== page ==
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The Evidence-based Rap, or What’s Wrong With My Pain Meds?

The Evidence-based Rap, or
What’s Wrong With My Pain Meds?

The Chiro.Org Blog


SOURCE:   A Chiro.Org Editorial

Based on:
  A systematic review on the effectiveness of pharmacological interventions for chronic non-specific low-back pain ~ FULL TEXT
Eur Spine J. 2011 (Jan); 20 (1): 40–50


OK, maybe this isn’t a genuine Rap, and I’m not rhyming-Simon, but somebody needs to bust-a-cap on the pain-med industry, because they hold themselves to a much lower standard than they expect my profession to maintain.

Fortunately (and, to the rescue) comes this study from the Dutch Institute for Health Care Improvement. They actually busted the cap, by deciding to explore “the effectiveness of pharmacological interventions [i.e., non-steroid anti-inflammatory drugs (NSAIDs), muscle relaxants, antidepressants, and opioids] for non-specific chronic low-back pain (LBP)”. This article is a real eye-opener!

I say Bravo, because these drugs are medicine’s sole conservative approach for managing LBP. This Blog has previously published numerous (and recent) studies suggesting that chiropractic management for low back pain is orders of magnitude more effective for pain relief, and is also significantly more cost-effective than standard medical management. [1-8]

Now this study comes along challenging the benefits and effectiveness of medicine’s reliance on drug treatments for pain management. The Iatrogenic Injury Page [9] clearly documents the dangers associated with these drugs (primarily death).

This European Spine Journal study reviewed 17 randomized controlled trials for pain treatments:

NSAIDs (n = 4),
antidepressants (n = 5),
and opioids (n = 8).

Amazingly, no studies were found for muscle relaxers!

The researchers concluded that NSAIDs and opioids “seem to lead to a somewhat higher relief in pain on the short term, as compared to placebo” (aka no treatment at all!), “in patients with non-specific chronic low back pain, and that both types of medication show more adverse effects than placebo”. (What an elegant understatement that is!)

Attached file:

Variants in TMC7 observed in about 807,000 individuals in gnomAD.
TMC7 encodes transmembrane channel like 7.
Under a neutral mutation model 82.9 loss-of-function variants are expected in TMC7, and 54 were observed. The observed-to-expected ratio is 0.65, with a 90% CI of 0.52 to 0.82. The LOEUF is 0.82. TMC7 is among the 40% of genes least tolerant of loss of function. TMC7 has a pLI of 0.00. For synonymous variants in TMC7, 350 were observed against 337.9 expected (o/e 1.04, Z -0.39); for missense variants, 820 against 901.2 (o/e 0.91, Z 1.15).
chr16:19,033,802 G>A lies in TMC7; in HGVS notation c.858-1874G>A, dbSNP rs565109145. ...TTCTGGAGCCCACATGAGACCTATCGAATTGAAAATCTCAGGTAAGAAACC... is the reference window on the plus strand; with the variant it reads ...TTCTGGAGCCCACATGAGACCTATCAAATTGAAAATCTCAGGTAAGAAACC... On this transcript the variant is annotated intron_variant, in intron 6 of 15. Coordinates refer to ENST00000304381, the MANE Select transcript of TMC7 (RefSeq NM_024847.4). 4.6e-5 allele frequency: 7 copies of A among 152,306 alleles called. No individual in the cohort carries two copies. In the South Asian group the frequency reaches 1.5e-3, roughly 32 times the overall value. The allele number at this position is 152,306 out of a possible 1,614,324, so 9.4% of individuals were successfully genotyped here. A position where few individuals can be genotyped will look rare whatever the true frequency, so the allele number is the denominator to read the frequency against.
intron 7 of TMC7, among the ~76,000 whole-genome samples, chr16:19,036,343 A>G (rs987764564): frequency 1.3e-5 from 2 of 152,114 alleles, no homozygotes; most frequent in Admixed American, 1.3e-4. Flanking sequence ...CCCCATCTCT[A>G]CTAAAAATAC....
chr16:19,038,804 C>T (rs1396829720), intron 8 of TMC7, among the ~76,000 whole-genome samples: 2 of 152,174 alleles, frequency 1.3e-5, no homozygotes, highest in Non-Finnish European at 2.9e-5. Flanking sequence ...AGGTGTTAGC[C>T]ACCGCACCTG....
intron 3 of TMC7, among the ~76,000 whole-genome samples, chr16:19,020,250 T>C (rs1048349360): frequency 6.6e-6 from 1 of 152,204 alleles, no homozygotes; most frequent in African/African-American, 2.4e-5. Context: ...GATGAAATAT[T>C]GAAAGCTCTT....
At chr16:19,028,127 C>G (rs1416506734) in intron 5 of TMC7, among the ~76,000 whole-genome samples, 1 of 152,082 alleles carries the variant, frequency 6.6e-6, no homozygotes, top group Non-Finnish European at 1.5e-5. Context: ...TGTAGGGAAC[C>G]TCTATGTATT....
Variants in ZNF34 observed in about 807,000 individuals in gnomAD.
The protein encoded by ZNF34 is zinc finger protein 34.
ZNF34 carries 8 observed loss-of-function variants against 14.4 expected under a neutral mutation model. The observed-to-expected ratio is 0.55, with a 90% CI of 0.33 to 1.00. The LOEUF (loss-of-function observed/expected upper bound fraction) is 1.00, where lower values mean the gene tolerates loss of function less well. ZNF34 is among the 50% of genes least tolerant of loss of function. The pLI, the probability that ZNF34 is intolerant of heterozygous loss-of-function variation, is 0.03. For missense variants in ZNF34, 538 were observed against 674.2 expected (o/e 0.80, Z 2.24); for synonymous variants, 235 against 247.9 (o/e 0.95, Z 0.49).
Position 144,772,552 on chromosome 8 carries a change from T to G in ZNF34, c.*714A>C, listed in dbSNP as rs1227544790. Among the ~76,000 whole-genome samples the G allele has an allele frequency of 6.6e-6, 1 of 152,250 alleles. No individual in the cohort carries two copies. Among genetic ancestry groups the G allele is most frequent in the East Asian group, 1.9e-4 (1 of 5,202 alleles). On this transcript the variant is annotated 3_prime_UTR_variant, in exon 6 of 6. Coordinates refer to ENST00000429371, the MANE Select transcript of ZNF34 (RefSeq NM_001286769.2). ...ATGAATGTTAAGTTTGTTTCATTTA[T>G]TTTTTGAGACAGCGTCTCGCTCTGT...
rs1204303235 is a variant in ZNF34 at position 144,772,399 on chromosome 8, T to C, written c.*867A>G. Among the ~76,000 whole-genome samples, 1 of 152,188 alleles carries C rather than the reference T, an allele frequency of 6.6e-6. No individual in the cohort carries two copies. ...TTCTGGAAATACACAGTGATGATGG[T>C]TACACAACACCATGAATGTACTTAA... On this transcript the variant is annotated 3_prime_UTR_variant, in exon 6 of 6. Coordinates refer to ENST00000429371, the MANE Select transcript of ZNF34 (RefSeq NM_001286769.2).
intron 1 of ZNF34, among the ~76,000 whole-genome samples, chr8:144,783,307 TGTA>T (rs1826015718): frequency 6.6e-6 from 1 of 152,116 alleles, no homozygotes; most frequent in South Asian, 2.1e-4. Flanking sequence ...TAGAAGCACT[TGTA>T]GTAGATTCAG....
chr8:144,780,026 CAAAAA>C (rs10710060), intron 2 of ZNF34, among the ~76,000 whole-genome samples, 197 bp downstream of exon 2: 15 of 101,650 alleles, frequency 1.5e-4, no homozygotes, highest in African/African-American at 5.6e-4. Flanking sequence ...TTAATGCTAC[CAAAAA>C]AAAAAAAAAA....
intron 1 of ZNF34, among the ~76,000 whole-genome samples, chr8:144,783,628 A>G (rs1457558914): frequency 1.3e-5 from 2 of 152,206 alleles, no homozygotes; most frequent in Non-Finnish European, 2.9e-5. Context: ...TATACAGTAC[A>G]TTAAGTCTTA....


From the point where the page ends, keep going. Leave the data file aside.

Review of the Iatrogenic Injury Page clearly documents that tens of thousand of people die ever year from the use of NSAIDs for simple pain relief, and overdose deaths from prescribed opiates has doubled in the last 2 decades. [10]

Where are the headlines screaming about how routine medical pain-relief recommendations are killing patients in the tens of thousands???

When will this madness stop???

The current healthcare debate has brought up basic questions about how medicine should work. On one hand we have the medical establishment with its enormous cadre of M.D.s, medical schools, big pharma, and incredibly expensive hospital care. On the other we have the semi-condoned field of alternative medicine that attracts millions of patients a year and embraces literally thousands of treatment modalities not taught in medical school.

One side, mainstream medicine, promotes the notion that it alone should be considered “real” medicine, but more and more this claim is being exposed as an officially sanctioned myth. When scientific minds turn to tackling the complex business of healing the sick, they simultaneously warn us that it’s dangerous and foolish to look at integrative medicine, complementary and alternative medicine, or God forbid, indigenous medicine for answers. Because these other modalities are enormously popular, mainstream medicine has made a few grudging concessions to the placebo effect, natural herbal remedies, and acupuncture over the years.